The joint venture Web video portal owned by NBC Universal and News Corp. received $100 million in backing from Providence Equity Partners, which acquired a 10% stake, reports the New York Times. NBCU and Fox’s NewSite/NewCo/NameTBD site will launch next month with paid movie downloads and free TV series from NBCU and News Corp.’s respective stables of networks.
The Association of Public Television Stations (APTS), PBS and the American Cable Association signed a 10-year carriage deal that includes digital and HD programming. The deal covers ACA’s 8 million subscribers and includes DTV carriage before and after the Feb. 2009 DTV cut-off. More in the press release (PDF) and today’s Hollywood Reporter.
USA Today looks at the battle for political ad dollars on broadcast and cable TV. At stake: "at least $2 billion that candidates and issue groups are expected to spend on the tube in the first presidential election year since 1928 without an incumbent president or vice president in the race."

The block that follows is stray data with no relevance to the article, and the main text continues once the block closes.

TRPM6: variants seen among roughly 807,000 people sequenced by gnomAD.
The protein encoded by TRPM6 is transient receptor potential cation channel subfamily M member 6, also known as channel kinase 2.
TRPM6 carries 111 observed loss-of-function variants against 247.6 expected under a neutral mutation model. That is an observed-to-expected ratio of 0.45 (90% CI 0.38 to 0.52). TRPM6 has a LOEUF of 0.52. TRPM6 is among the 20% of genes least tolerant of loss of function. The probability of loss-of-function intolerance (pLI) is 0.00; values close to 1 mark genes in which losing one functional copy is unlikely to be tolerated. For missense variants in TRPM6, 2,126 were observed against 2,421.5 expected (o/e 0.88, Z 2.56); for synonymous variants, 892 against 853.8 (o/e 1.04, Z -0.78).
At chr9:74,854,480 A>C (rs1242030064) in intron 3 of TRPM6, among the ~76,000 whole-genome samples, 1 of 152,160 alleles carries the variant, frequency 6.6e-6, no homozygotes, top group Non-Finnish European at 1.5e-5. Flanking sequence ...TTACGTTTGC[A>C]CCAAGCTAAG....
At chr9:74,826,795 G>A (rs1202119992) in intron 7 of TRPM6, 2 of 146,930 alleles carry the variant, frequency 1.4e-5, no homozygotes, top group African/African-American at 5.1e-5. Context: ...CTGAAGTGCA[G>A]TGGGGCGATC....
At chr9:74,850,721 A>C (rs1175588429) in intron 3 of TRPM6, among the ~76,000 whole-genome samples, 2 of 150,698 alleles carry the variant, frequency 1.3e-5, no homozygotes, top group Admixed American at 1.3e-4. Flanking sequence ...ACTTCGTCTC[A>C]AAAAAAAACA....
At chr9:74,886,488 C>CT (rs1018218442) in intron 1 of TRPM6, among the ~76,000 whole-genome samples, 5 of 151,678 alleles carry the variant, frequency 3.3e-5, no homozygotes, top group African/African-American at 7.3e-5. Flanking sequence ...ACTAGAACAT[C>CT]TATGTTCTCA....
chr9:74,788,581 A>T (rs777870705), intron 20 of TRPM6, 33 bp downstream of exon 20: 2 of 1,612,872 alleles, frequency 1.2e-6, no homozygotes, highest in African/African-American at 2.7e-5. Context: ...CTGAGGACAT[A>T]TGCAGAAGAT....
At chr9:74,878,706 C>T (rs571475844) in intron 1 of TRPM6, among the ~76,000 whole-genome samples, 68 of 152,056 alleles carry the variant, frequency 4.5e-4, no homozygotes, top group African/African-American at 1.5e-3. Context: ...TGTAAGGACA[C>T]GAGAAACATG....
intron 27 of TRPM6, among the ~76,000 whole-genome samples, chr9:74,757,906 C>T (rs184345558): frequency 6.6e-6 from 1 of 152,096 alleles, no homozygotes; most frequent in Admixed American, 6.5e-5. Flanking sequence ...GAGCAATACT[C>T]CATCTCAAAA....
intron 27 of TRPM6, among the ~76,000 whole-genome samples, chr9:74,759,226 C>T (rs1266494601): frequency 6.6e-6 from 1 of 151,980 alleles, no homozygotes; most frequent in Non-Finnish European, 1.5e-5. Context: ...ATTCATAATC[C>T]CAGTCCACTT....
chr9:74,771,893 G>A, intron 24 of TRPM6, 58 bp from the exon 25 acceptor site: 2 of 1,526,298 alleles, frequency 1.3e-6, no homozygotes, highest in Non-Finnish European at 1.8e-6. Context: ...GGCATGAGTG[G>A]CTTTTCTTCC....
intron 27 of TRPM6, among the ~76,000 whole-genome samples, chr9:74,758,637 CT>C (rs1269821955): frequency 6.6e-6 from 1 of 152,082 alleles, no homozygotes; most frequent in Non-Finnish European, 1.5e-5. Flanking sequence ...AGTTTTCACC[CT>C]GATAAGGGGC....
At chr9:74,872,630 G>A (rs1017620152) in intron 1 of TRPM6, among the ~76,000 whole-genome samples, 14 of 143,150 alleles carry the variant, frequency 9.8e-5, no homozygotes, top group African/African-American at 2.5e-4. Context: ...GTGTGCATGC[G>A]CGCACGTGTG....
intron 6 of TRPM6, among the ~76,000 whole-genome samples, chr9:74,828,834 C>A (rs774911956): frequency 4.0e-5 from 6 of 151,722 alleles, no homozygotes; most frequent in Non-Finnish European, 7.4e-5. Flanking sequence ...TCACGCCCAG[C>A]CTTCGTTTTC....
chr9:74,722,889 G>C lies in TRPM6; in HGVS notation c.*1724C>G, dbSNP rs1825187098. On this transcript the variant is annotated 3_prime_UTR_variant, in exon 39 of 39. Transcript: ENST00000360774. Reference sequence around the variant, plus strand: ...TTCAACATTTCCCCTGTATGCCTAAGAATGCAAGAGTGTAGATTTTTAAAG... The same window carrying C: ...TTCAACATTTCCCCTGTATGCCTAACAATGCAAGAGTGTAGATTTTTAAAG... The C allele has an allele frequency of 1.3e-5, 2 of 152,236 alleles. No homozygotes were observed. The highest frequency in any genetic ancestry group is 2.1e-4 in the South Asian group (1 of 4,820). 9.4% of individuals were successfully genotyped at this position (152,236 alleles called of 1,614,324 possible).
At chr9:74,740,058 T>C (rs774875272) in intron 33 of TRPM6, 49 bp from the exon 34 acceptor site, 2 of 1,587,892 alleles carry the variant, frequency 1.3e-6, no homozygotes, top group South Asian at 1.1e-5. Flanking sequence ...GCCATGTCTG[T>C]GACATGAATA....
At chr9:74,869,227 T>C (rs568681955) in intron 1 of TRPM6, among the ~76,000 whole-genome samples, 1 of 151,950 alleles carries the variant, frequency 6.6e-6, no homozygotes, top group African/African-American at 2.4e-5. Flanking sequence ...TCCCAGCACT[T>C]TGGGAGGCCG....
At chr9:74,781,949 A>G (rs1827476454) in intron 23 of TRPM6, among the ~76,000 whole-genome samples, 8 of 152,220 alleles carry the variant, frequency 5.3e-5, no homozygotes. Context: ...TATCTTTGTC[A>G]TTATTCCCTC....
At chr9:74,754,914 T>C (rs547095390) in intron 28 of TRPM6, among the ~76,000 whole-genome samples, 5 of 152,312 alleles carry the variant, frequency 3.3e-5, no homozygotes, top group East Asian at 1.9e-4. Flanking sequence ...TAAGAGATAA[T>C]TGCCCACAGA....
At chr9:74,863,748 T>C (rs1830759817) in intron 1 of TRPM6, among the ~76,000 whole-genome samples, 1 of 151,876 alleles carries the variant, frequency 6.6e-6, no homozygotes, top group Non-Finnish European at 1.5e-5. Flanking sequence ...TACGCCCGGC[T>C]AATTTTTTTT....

Comcast tapped Arc Worldwide, a division of Publicis, to help with in-store and local marketing. Arc worked on United‘s Ted launch in Chicago, which Comcast promoted in targeted local ads with Visible World.
HBO will use Motorola‘s MPEG-4 technology for its upcoming launch of 26 HD channels (in addition to last week’s $5 million HD deal with Thomson); and the NFL tapped Harris Corp. for HD instant replays starting with this week’s roster of pre-season games.
The New York Times‘ Bill Carter highlights cable networks’ breakout summer for original programming, citing The Closer and Saving Grace on TNT; Army Wives on Lifetime; Burn Notice on USA; Damages on FX; and Mad Men on "the most unlikely channel," AMC. MIA this summer, notes Carter: HBO, which set the standard for these other networks’ original efforts. Variety also looks at cable’s summer originals. USA just ordered 13 more episodes of Burn Notice while TNT renewed Saving Grace for a 15-episode 2nd season.
BBC America will premiere Top Gear, the classic auto buffs’ series from the UK, on Aug. 20.
CNN premieres Growing Up Diana, a doc pegged to her death 10 years ago, on Aug. 21.
Comcast launched Sony Entertainment Television (SET) Asia, a package of South Asian programming, to its customers in Central and Northern California.
Court TV‘s premiere of Bounty Girls Miami tonight called "enlightening, specious and rabid" by the New York Times.